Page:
Over the past 15 years, the book industry has changed significantly with the introduction of digital printing and print on demand (POD). With change or advancements in any industry comes doubt, confusion, and misinformation. While the book industry has embraced digital printing, there are still common misconceptions about POD.
Editing is one of those skillsets that many people claim to do well but which few actually do. And while it’s probably the most important service an author can solicit (second only to book cover design), it’s often undervalued. Furthermore, most authors have no idea how to assess an editor’s work, and the result can be catastrophic, ranging from an editor who introduces new errors to an editor who changes the intention of your writing.
Facebook remains one of the best all-purpose tools that authors and publishers have at their disposal. Just to rattle off a few obvious uses: you can find communities of like-minded authors to provide critical support, you can use it to set up a fan page, and even organize live events through it. Perhaps most critically, you can make use of Facebook advertising to target prospective readers based on interests, location, and any other demographic category you can think of. In this post, however, we will quickly look at how Facebook can help you perfect your book cover design in a data-driven fashion.
So what's the deal with book metadata? The answer for indie authors, self-publishers, and those who publish other people's books is that metadata is how readers find your book. It can't be read if it can't be found, right? Book metadata is all the searchable information, including title, genre, author, and more, that readers use to find your book and make their next book purchase. Whether looking for a book in the library, a local bookstore, or online, readers depend on good book metadata to find their next read.
We’ve launched a new self-publishing podcast called Go Publish Yourself! We couldn’t be more excited to get to connect with you in this way and are thrilled to add a podcast to the free resources we offer to indie authors all over the world.
Social networking is powerful. One-third of the world uses social networks regularly. Studies show that 81% of shoppers use the Internet to help them make purchasing decisions. While physical book clubs and reading groups still exist, online communities for book lovers make it easy for readers to share the books they are reading and their thoughts about them with a much wider audience. Social networking sites for books allow readers to connect with other readers around books.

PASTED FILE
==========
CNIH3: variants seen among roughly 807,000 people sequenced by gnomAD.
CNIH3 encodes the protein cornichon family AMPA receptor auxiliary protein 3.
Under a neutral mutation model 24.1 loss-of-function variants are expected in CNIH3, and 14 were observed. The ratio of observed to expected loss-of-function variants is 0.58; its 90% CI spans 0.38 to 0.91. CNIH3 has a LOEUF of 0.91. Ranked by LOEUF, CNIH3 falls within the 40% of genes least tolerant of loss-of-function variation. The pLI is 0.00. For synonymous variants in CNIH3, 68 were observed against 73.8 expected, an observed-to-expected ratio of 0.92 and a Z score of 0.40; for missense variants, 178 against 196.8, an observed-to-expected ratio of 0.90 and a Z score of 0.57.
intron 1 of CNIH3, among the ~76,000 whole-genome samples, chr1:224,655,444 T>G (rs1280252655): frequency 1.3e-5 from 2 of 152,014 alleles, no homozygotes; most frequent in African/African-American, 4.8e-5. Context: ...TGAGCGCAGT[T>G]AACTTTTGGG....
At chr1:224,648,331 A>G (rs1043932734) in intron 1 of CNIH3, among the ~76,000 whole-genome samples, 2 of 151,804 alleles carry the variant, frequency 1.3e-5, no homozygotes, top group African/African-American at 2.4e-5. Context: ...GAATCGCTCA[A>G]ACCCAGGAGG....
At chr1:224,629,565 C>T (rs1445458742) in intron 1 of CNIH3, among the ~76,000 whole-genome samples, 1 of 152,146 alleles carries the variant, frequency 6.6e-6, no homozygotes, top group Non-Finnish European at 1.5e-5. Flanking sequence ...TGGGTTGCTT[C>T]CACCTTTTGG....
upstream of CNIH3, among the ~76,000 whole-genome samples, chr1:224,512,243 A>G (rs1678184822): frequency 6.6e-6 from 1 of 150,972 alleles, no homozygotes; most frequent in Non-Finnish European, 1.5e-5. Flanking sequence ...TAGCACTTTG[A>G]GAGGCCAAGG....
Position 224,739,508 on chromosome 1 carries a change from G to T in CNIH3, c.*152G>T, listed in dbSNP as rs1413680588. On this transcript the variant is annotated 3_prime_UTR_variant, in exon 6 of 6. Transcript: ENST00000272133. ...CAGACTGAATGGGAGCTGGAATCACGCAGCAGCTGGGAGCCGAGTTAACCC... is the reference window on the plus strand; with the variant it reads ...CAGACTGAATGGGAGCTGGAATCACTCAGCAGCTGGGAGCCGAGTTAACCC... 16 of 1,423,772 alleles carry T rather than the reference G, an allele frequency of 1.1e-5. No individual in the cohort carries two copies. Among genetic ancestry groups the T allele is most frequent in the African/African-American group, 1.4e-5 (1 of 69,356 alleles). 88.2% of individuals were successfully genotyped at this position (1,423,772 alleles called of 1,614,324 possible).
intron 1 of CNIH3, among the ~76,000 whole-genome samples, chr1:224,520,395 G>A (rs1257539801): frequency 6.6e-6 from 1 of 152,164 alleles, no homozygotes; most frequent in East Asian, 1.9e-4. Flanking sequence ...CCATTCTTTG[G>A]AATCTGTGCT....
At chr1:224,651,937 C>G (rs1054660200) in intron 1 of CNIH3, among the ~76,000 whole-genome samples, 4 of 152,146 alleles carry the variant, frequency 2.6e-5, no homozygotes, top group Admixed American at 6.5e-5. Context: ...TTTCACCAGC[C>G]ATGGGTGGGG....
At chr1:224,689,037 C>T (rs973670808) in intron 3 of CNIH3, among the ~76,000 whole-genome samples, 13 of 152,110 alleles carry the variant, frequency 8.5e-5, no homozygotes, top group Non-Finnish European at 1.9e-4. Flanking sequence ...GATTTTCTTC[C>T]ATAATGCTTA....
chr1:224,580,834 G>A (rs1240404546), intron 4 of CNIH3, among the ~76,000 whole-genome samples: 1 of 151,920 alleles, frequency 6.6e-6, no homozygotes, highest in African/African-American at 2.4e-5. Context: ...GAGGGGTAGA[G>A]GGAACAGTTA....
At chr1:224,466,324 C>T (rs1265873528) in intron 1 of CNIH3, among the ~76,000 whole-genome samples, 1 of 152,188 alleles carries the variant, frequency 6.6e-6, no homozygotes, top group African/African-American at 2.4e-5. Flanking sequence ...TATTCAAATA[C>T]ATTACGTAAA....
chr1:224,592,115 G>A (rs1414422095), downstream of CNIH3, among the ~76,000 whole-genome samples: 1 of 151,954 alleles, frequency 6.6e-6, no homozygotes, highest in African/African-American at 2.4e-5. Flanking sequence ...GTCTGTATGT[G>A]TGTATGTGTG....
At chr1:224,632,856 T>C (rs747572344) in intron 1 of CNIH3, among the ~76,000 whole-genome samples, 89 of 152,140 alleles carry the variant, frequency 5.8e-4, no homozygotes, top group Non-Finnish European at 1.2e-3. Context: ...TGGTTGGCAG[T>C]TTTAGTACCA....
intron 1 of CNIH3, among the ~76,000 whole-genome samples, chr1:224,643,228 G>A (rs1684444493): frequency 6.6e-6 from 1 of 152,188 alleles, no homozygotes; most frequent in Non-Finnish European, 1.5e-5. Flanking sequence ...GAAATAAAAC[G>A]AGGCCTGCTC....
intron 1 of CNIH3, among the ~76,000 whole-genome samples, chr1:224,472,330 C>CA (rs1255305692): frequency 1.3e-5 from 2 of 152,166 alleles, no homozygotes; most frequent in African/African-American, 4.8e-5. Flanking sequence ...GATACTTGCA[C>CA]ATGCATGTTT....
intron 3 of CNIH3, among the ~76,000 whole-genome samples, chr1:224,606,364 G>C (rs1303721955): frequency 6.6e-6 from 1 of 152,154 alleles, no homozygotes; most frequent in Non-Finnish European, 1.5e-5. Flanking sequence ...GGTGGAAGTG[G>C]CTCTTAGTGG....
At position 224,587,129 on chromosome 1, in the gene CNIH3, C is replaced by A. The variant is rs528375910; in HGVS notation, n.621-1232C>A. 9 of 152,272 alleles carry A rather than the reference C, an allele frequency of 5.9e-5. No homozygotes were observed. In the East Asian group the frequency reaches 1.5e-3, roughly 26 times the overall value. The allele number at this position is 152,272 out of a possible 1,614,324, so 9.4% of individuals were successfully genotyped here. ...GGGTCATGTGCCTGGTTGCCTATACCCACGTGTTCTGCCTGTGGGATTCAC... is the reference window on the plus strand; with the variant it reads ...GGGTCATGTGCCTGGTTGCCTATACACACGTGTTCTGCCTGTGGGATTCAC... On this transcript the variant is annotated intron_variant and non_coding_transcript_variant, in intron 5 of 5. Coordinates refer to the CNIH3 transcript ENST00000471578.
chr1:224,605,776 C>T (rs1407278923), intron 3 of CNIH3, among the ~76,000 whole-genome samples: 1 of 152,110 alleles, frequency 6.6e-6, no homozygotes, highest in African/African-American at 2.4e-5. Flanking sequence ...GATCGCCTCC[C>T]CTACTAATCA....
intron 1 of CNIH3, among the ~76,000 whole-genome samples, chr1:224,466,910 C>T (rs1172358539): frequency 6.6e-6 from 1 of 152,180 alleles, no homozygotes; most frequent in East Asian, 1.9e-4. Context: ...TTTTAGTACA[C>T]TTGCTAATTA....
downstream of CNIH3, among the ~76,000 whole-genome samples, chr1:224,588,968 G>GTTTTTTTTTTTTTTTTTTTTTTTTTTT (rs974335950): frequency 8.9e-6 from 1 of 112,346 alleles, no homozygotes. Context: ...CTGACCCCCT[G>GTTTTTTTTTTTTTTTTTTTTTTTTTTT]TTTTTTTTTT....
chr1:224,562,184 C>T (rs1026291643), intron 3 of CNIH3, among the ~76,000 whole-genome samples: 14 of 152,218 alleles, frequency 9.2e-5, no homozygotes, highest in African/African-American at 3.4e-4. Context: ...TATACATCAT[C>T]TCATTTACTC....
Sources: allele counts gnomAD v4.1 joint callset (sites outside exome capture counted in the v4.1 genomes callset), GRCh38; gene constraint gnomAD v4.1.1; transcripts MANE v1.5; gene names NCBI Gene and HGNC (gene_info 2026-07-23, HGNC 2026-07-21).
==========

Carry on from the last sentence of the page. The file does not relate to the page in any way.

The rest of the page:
Some of the best books in the world are there, pretty much fully formed, inside the author’s head. And there they stay, keeping you up at night while you think of more fabulous ways to explain your concept, rewriting it all inside your head. At some point though, you realise that it’s been rather a long time, and nothing has actually come out. There are so many ideas, but you don’t know where to start with writing it all down.
The end of any year presents a unique opportunity to combine reflection with forward thinking, and 2018 is no exception. Whether you're beginning a new novel, writing a book marketing plan for an existing book, or working on any aspect of your self-publishing journey, now is the time to examine the self-publishing landscape at the conclusion of 2017 and prepare accordingly for 2018. Here's what we saw and predict!
I frequently hear after National Novel Writing Month, “I loved writing in November during NaNoWriMo, but I have trouble writing the rest of the year.” It’s challenging to muster such energy each day. Items on your to-do list clamor for attention. No one assigns us to be creative, but to be human is to be a creator, so you should make sure creativity is at the top of your to-do list. If you’ve resolved to finally write that book that’s calling out to you, here are some writing tips to bolster your creative resolve throughout the year.
The beginning of the year is here and with it comes the drive to make positive changes in our lives. New Year’s resolutions can sometimes be a bit vague or lofty, but this list of specific action items offers simple ways for you to achieve more with your writing, planning, and overall approach to self-publishing a book in 2018. Check out our 15 New Year’s Resolutions for writers.